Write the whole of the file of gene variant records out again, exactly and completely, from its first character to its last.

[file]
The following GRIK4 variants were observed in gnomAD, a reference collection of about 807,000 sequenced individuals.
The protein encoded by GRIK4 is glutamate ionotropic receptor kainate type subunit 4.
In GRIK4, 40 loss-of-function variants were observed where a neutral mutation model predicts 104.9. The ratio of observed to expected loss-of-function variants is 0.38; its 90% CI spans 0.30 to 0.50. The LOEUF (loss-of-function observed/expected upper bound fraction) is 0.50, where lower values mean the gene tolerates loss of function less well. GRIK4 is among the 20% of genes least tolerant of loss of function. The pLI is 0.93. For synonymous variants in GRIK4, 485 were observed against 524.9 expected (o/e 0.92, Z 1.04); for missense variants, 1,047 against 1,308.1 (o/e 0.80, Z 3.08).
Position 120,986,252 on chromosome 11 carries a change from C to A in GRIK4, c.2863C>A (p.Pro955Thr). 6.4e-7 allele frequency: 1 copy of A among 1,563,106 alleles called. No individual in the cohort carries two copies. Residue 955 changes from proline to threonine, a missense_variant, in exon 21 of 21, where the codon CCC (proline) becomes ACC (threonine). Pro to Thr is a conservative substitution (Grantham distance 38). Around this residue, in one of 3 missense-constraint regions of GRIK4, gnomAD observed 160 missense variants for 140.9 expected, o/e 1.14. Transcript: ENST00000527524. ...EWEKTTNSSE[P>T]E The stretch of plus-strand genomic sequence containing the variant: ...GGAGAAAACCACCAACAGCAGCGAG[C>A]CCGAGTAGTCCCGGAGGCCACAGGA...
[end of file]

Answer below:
The following GRIK4 variants were observed in gnomAD, a reference collection of about 807,000 sequenced individuals.
The protein encoded by GRIK4 is glutamate ionotropic receptor kainate type subunit 4.
In GRIK4, 40 loss-of-function variants were observed where a neutral mutation model predicts 104.9. The ratio of observed to expected loss-of-function variants is 0.38; its 90% CI spans 0.30 to 0.50. The LOEUF (loss-of-function observed/expected upper bound fraction) is 0.50, where lower values mean the gene tolerates loss of function less well. GRIK4 is among the 20% of genes least tolerant of loss of function. The pLI is 0.93. For synonymous variants in GRIK4, 485 were observed against 524.9 expected (o/e 0.92, Z 1.04); for missense variants, 1,047 against 1,308.1 (o/e 0.80, Z 3.08).
Position 120,986,252 on chromosome 11 carries a change from C to A in GRIK4, c.2863C>A (p.Pro955Thr). 6.4e-7 allele frequency: 1 copy of A among 1,563,106 alleles called. No individual in the cohort carries two copies. Residue 955 changes from proline to threonine, a missense_variant, in exon 21 of 21, where the codon CCC (proline) becomes ACC (threonine). Pro to Thr is a conservative substitution (Grantham distance 38). Around this residue, in one of 3 missense-constraint regions of GRIK4, gnomAD observed 160 missense variants for 140.9 expected, o/e 1.14. Transcript: ENST00000527524. ...EWEKTTNSSE[P>T]E The stretch of plus-strand genomic sequence containing the variant: ...GGAGAAAACCACCAACAGCAGCGAG[C>A]CCGAGTAGTCCCGGAGGCCACAGGA...